Once the application is completed, it should be sent with appropriate transcripts, fee and supportive information to the NCTRC office. (The Certification Review Board meets in April and October; the application must be postmarked by the 15th of the preceding month to be reviewed.) The NCTRC office will acknowledge receipt of the materials and notify the individual of any missing materials.
The Certification Review Board then reviews the application at its next meeting; individuals should be notified about its decision within four to six weeks. Applicants who are approved will receive a certificate and a card, have their name placed in the next registry and receive future NCTRC mailings.
If the application is denied, an explanation for the denial will be sent. The individual then has the right to petition to the Appeals Board, either in writing or in person, during its annual meeting. The decision of the Appeals Board is final.
The certificate is issued for a two-year period. Prior to its expiration, the individual should obtain a renewal application from the NCTRC office and submit it with appropriate fees.
What are the current NCTRC standards?
There have been numerous revisions in the certification standards since their inception in 1956. These standards, along with other professional activities, have helped the field make tremendous advances in the current era of accountability. These changes have reflected a growing maturity and professionalization within the therapeutic recreation profession.
The NCTRC requires a two-year notification period before any revision increasing qualifications (i.e., more stringent standards) can be implemented. Any change which would decrease qualifications (i.e., less stringent standards) could become effective immediately.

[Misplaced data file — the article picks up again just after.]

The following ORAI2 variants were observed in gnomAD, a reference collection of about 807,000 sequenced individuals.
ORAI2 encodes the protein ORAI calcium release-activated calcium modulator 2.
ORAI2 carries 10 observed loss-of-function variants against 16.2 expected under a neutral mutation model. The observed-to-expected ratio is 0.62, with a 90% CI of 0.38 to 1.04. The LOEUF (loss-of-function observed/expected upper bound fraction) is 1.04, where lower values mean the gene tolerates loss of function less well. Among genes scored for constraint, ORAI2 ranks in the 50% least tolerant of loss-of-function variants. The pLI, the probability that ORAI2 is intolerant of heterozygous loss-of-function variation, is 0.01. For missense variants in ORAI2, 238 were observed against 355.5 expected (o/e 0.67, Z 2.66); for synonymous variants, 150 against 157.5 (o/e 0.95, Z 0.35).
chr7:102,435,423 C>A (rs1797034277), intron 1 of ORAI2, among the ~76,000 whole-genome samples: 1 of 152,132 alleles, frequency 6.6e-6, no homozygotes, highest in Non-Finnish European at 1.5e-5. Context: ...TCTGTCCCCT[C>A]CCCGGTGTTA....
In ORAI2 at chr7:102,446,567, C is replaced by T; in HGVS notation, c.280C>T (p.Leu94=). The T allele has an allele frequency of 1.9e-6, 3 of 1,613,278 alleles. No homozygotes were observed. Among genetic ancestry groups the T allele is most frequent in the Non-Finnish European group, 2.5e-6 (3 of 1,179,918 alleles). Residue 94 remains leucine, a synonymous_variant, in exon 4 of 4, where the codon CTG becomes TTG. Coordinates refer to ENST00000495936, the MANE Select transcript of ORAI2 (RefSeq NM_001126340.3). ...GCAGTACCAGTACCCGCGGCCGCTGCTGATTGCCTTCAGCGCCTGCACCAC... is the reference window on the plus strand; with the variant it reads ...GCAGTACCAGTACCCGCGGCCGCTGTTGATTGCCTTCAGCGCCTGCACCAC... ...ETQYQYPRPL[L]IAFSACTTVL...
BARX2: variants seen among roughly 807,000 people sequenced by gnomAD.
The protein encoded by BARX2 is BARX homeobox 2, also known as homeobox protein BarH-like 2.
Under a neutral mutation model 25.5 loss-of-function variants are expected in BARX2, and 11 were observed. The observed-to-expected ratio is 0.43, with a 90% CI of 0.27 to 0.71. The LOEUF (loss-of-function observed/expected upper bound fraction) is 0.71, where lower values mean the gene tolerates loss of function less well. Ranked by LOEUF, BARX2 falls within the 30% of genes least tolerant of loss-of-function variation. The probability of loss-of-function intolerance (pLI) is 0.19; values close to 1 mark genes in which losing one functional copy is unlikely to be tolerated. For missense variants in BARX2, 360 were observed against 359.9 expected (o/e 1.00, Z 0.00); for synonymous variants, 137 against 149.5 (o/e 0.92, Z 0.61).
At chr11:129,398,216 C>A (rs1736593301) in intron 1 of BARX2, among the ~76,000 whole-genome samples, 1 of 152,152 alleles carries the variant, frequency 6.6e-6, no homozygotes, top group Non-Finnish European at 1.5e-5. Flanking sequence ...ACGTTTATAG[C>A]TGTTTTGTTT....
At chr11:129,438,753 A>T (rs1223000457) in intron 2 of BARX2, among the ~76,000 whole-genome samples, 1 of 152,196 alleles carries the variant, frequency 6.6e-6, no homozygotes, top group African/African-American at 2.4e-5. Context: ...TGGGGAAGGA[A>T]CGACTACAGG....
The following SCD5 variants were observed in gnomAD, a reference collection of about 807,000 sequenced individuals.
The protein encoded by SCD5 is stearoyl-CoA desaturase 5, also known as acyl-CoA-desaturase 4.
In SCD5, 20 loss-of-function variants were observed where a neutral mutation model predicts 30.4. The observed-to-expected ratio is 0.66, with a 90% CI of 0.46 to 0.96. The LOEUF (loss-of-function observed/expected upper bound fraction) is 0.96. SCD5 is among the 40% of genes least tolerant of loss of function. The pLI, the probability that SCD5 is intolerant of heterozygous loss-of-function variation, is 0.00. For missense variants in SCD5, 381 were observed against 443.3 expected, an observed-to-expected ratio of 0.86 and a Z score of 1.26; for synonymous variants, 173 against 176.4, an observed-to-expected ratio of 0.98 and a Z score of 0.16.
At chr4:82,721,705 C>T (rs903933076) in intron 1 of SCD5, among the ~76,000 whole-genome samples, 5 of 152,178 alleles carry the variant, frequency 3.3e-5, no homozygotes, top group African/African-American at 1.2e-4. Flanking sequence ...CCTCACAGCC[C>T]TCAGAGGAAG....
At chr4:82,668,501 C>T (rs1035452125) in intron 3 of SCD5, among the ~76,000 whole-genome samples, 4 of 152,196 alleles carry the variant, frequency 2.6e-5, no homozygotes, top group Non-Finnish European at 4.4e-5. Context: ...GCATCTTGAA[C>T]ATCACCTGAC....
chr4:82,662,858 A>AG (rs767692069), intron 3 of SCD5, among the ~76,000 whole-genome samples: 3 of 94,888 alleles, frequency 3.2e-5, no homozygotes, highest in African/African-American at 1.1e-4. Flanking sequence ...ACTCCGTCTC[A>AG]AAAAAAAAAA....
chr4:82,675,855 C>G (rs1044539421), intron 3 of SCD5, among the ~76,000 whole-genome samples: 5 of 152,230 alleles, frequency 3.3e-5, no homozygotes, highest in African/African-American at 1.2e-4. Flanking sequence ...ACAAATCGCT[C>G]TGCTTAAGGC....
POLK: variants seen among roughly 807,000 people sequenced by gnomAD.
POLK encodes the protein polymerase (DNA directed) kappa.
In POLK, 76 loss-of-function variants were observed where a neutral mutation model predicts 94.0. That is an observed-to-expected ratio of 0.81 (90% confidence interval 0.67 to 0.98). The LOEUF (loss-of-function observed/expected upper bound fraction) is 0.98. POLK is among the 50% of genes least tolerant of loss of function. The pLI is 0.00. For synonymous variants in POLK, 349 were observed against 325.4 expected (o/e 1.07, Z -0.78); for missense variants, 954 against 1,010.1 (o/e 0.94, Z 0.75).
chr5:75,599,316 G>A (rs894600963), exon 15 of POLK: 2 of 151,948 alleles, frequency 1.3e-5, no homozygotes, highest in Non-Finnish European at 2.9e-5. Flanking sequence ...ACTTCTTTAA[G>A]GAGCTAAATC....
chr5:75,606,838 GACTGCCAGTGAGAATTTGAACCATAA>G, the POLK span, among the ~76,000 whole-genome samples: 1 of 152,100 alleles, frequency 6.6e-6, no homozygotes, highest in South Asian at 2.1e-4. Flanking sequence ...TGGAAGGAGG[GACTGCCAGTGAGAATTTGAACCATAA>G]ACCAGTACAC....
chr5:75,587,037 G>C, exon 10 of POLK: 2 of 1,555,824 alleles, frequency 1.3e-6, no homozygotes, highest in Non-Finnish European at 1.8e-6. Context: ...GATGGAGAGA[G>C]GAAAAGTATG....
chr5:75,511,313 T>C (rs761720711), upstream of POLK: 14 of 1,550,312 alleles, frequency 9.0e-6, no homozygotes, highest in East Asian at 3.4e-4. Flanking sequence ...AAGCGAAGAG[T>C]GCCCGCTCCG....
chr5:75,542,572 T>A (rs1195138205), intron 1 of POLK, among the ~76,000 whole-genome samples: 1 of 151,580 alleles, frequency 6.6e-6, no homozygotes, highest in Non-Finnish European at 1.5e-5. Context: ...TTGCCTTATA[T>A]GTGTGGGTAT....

The NCTRC's last revision of standards became effective on January 1, 1986, after a two-year notification period. They are outlined in the accompanying box in abbreviated form. Individuals should refer to the current, official application form for any changes in standards.
What's in the near future?
The National Council has many operations and projects ongoing at this time. Three that may be of interest are the creation of a full-time position for the administrative officer, the revision of the paraprofessional standards and the upcoming national certification examinations.
personnel nationwide who
voluntarily submit their
credentials for review.
In April, 1986, it was decided that the office duties (e.g., responding to certificants, preparing applicant files, corresponding with professional groups, etc.) required a full-time person. (Up to that point the position had been half-time, shared with NTRS.) The position was announced to all certified members and interviews occurred during August. The new administrative officer is Peg Connolly, formerly from Champaign.
A major revision of paraprofessional standards will be undertaken this fall. The committee in charge of these revisions will conduct a national survey of paraprofessionals and two-year colleges to determine what changes are necessary. The committee brought this information before the Council in October for standards revision.
Also, the Council has a Test Development and Research Committee. It is charged with the responsibility for gathering information concerning the feasibility and requirements for the development and implementation of national certification examinations. This group has been assembled since October, 1985, and is working closely with other recreation groups and professional testing agencies. No target date for the examinations has been determined, though professional testing agencies require one to two years for test development.
Need more information?
Applications and additional information may be obtained by writing to the NCTRC Administrative Officer, P.O. Box 16126, Alexandria, VA 22032.